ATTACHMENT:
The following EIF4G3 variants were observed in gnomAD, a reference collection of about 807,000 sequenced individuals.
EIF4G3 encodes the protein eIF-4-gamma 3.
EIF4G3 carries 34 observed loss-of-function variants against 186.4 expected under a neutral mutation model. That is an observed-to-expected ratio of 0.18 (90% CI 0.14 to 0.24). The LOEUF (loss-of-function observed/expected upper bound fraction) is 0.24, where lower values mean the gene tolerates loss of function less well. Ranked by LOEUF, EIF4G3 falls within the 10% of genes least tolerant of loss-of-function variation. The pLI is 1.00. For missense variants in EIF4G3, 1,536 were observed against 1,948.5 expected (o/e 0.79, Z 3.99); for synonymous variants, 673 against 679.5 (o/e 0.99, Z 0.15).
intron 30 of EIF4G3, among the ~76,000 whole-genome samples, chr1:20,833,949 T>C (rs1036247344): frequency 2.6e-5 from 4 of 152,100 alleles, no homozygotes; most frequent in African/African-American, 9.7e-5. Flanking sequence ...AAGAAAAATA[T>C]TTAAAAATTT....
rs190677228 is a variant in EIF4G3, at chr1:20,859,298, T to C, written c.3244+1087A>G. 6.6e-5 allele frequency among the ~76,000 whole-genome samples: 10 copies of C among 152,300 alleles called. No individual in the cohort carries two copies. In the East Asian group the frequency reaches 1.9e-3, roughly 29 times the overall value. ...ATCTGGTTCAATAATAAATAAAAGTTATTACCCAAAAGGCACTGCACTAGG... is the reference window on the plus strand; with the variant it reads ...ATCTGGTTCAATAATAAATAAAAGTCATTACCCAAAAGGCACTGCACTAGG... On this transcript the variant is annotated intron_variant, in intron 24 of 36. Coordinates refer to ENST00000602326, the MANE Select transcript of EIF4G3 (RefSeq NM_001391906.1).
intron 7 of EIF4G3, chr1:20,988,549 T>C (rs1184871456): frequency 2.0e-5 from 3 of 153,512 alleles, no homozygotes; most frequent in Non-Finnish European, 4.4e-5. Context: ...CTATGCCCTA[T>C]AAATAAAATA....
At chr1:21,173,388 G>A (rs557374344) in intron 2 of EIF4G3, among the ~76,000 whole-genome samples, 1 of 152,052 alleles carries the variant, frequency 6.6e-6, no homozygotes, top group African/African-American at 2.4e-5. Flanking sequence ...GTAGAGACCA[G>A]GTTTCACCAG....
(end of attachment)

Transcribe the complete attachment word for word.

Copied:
The following EIF4G3 variants were observed in gnomAD, a reference collection of about 807,000 sequenced individuals.
EIF4G3 encodes the protein eIF-4-gamma 3.
EIF4G3 carries 34 observed loss-of-function variants against 186.4 expected under a neutral mutation model. That is an observed-to-expected ratio of 0.18 (90% CI 0.14 to 0.24). The LOEUF (loss-of-function observed/expected upper bound fraction) is 0.24, where lower values mean the gene tolerates loss of function less well. Ranked by LOEUF, EIF4G3 falls within the 10% of genes least tolerant of loss-of-function variation. The pLI is 1.00. For missense variants in EIF4G3, 1,536 were observed against 1,948.5 expected (o/e 0.79, Z 3.99); for synonymous variants, 673 against 679.5 (o/e 0.99, Z 0.15).
intron 30 of EIF4G3, among the ~76,000 whole-genome samples, chr1:20,833,949 T>C (rs1036247344): frequency 2.6e-5 from 4 of 152,100 alleles, no homozygotes; most frequent in African/African-American, 9.7e-5. Flanking sequence ...AAGAAAAATA[T>C]TTAAAAATTT....
rs190677228 is a variant in EIF4G3, at chr1:20,859,298, T to C, written c.3244+1087A>G. 6.6e-5 allele frequency among the ~76,000 whole-genome samples: 10 copies of C among 152,300 alleles called. No individual in the cohort carries two copies. In the East Asian group the frequency reaches 1.9e-3, roughly 29 times the overall value. ...ATCTGGTTCAATAATAAATAAAAGTTATTACCCAAAAGGCACTGCACTAGG... is the reference window on the plus strand; with the variant it reads ...ATCTGGTTCAATAATAAATAAAAGTCATTACCCAAAAGGCACTGCACTAGG... On this transcript the variant is annotated intron_variant, in intron 24 of 36. Coordinates refer to ENST00000602326, the MANE Select transcript of EIF4G3 (RefSeq NM_001391906.1).
intron 7 of EIF4G3, chr1:20,988,549 T>C (rs1184871456): frequency 2.0e-5 from 3 of 153,512 alleles, no homozygotes; most frequent in Non-Finnish European, 4.4e-5. Context: ...CTATGCCCTA[T>C]AAATAAAATA....
At chr1:21,173,388 G>A (rs557374344) in intron 2 of EIF4G3, among the ~76,000 whole-genome samples, 1 of 152,052 alleles carries the variant, frequency 6.6e-6, no homozygotes, top group African/African-American at 2.4e-5. Flanking sequence ...GTAGAGACCA[G>A]GTTTCACCAG....